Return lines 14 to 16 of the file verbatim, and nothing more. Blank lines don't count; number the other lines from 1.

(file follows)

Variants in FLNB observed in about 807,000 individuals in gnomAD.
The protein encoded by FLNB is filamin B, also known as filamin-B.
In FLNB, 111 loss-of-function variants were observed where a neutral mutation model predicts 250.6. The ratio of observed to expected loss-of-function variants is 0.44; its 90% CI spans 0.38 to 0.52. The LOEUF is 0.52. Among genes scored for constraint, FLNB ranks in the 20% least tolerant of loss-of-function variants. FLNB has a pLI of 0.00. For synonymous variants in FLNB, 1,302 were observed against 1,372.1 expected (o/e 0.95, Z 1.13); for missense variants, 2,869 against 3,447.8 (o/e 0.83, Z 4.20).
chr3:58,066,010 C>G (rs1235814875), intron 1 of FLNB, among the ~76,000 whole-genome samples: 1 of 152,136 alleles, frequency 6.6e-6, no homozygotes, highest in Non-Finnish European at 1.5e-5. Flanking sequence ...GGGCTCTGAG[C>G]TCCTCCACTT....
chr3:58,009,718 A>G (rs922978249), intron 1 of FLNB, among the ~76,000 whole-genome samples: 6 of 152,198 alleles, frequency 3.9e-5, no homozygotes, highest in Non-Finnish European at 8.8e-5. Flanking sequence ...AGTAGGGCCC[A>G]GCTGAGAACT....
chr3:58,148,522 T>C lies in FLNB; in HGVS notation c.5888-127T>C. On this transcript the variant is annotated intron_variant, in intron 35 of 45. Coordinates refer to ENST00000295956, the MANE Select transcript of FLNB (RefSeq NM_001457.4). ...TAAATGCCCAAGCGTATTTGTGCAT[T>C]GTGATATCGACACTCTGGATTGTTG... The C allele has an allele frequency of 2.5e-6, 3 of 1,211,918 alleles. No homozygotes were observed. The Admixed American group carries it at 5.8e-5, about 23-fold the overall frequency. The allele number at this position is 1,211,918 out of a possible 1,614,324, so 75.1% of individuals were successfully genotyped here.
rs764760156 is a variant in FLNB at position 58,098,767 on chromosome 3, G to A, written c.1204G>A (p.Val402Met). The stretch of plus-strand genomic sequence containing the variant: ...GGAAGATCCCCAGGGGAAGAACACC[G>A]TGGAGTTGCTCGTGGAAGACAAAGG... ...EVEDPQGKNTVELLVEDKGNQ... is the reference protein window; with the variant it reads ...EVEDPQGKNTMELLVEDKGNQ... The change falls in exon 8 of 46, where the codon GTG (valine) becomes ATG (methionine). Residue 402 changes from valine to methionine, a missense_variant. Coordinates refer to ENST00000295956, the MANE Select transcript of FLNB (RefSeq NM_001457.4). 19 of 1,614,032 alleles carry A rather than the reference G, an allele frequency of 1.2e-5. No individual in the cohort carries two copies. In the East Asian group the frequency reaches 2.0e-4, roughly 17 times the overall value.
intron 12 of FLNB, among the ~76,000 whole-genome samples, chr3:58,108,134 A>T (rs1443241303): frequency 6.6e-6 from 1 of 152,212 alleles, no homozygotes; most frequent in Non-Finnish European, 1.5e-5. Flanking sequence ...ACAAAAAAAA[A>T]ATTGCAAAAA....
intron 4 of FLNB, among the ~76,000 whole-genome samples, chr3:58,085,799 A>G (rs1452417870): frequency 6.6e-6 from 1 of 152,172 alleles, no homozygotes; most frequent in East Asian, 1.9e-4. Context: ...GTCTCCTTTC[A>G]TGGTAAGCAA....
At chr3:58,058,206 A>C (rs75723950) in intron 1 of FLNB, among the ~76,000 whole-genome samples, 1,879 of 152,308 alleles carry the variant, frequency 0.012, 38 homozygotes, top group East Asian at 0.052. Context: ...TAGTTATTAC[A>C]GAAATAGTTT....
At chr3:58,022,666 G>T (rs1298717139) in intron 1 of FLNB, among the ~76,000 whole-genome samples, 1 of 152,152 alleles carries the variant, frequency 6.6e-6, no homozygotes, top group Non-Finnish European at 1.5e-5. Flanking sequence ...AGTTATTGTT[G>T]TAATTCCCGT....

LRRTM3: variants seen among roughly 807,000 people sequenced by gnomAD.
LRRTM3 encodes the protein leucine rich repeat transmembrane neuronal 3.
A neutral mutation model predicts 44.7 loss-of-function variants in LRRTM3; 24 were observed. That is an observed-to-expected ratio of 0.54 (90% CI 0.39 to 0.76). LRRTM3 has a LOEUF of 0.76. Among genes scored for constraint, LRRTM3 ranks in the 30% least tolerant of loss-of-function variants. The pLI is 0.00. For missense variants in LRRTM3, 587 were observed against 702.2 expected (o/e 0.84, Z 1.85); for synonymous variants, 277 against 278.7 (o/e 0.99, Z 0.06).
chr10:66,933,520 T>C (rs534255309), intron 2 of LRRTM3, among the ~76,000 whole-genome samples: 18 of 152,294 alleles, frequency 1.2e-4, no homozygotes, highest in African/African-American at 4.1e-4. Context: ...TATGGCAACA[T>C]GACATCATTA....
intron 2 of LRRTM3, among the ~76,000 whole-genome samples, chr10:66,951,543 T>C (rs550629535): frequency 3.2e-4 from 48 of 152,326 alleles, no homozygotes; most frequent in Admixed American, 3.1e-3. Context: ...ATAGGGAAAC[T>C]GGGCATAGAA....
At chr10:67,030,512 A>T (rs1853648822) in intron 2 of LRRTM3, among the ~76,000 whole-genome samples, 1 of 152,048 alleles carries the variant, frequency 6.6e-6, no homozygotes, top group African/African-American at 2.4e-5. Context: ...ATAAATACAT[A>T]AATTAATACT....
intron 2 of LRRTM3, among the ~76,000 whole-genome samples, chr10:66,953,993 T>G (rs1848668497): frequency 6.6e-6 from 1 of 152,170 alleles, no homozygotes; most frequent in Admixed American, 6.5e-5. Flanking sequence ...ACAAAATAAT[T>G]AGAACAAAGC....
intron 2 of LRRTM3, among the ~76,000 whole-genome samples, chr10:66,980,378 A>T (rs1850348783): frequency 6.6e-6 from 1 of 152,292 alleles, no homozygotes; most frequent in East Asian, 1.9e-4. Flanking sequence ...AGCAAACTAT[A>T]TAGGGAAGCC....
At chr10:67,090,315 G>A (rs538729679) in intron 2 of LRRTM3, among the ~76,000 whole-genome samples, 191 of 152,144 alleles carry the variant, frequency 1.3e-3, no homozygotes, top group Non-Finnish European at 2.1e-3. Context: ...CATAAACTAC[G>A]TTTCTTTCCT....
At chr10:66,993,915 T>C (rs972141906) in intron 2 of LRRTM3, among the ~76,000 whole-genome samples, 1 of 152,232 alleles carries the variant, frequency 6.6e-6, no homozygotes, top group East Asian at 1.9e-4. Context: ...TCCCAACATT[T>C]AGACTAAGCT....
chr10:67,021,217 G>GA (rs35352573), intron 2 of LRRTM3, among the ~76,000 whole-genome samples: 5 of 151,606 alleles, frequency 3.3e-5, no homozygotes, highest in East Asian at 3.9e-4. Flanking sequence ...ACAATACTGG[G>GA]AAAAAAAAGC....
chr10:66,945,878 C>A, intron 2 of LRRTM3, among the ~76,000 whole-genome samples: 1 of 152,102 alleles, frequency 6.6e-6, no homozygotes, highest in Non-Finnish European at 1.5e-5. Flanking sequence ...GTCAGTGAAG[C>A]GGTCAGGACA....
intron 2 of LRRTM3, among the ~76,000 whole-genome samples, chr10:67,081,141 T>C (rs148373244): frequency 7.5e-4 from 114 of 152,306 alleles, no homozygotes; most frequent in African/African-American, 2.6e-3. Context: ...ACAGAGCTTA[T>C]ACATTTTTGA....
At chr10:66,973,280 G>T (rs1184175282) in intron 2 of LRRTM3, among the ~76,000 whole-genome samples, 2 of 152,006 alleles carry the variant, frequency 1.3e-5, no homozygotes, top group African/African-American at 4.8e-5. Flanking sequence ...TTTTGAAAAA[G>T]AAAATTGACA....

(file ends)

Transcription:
A neutral mutation model predicts 44.7 loss-of-function variants in LRRTM3; 24 were observed. That is an observed-to-expected ratio of 0.54 (90% CI 0.39 to 0.76). LRRTM3 has a LOEUF of 0.76. Among genes scored for constraint, LRRTM3 ranks in the 30% least tolerant of loss-of-function variants. The pLI is 0.00. For missense variants in LRRTM3, 587 were observed against 702.2 expected (o/e 0.84, Z 1.85); for synonymous variants, 277 against 278.7 (o/e 0.99, Z 0.06).
chr10:66,933,520 T>C (rs534255309), intron 2 of LRRTM3, among the ~76,000 whole-genome samples: 18 of 152,294 alleles, frequency 1.2e-4, no homozygotes, highest in African/African-American at 4.1e-4. Context: ...TATGGCAACA[T>C]GACATCATTA....
intron 2 of LRRTM3, among the ~76,000 whole-genome samples, chr10:66,951,543 T>C (rs550629535): frequency 3.2e-4 from 48 of 152,326 alleles, no homozygotes; most frequent in Admixed American, 3.1e-3. Context: ...ATAGGGAAAC[T>C]GGGCATAGAA....